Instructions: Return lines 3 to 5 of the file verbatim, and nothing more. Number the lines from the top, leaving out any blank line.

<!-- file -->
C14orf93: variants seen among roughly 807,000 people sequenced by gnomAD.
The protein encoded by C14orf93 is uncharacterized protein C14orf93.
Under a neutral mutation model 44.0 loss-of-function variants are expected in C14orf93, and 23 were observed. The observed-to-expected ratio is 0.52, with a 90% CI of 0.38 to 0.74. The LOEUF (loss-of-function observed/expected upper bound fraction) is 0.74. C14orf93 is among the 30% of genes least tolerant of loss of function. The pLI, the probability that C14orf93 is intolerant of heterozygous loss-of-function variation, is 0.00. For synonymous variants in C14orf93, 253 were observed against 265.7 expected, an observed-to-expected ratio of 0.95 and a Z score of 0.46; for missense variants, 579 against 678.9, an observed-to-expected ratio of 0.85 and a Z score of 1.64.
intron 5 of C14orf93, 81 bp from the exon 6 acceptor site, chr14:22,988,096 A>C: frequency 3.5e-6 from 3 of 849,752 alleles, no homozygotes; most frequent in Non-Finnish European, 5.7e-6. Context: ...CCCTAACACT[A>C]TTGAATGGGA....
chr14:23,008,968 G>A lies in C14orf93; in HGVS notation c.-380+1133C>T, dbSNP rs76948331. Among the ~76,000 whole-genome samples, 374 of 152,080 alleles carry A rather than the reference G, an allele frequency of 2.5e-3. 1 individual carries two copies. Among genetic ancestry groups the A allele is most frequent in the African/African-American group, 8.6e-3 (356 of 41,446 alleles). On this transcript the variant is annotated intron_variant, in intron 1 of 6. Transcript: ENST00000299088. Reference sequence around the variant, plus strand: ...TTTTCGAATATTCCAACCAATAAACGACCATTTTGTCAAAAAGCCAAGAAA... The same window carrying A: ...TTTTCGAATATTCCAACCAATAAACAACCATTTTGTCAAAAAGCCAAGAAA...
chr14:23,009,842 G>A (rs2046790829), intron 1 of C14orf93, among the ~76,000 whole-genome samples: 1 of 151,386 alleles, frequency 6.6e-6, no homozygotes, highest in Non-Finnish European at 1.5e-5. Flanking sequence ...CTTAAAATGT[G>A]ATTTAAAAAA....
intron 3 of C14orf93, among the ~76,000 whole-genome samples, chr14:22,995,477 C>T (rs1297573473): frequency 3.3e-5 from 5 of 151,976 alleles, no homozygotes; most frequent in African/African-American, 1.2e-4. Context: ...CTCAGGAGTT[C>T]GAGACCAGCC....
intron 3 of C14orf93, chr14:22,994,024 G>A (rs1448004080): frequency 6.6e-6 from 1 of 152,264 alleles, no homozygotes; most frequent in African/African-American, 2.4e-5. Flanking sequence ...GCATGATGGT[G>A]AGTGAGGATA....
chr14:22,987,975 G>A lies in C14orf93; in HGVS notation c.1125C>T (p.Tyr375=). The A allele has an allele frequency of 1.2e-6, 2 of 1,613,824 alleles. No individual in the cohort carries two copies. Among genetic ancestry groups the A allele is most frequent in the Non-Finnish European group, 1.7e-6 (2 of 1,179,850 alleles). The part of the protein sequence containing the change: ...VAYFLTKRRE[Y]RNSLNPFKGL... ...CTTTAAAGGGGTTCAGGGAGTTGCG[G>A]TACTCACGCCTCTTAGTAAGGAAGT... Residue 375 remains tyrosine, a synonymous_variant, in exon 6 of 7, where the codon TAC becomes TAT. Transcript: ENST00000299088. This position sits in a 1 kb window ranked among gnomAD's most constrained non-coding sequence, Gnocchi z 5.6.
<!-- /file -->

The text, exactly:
Under a neutral mutation model 44.0 loss-of-function variants are expected in C14orf93, and 23 were observed. The observed-to-expected ratio is 0.52, with a 90% CI of 0.38 to 0.74. The LOEUF (loss-of-function observed/expected upper bound fraction) is 0.74. C14orf93 is among the 30% of genes least tolerant of loss of function. The pLI, the probability that C14orf93 is intolerant of heterozygous loss-of-function variation, is 0.00. For synonymous variants in C14orf93, 253 were observed against 265.7 expected, an observed-to-expected ratio of 0.95 and a Z score of 0.46; for missense variants, 579 against 678.9, an observed-to-expected ratio of 0.85 and a Z score of 1.64.
intron 5 of C14orf93, 81 bp from the exon 6 acceptor site, chr14:22,988,096 A>C: frequency 3.5e-6 from 3 of 849,752 alleles, no homozygotes; most frequent in Non-Finnish European, 5.7e-6. Context: ...CCCTAACACT[A>C]TTGAATGGGA....
chr14:23,008,968 G>A lies in C14orf93; in HGVS notation c.-380+1133C>T, dbSNP rs76948331. Among the ~76,000 whole-genome samples, 374 of 152,080 alleles carry A rather than the reference G, an allele frequency of 2.5e-3. 1 individual carries two copies. Among genetic ancestry groups the A allele is most frequent in the African/African-American group, 8.6e-3 (356 of 41,446 alleles). On this transcript the variant is annotated intron_variant, in intron 1 of 6. Transcript: ENST00000299088. Reference sequence around the variant, plus strand: ...TTTTCGAATATTCCAACCAATAAACGACCATTTTGTCAAAAAGCCAAGAAA... The same window carrying A: ...TTTTCGAATATTCCAACCAATAAACAACCATTTTGTCAAAAAGCCAAGAAA...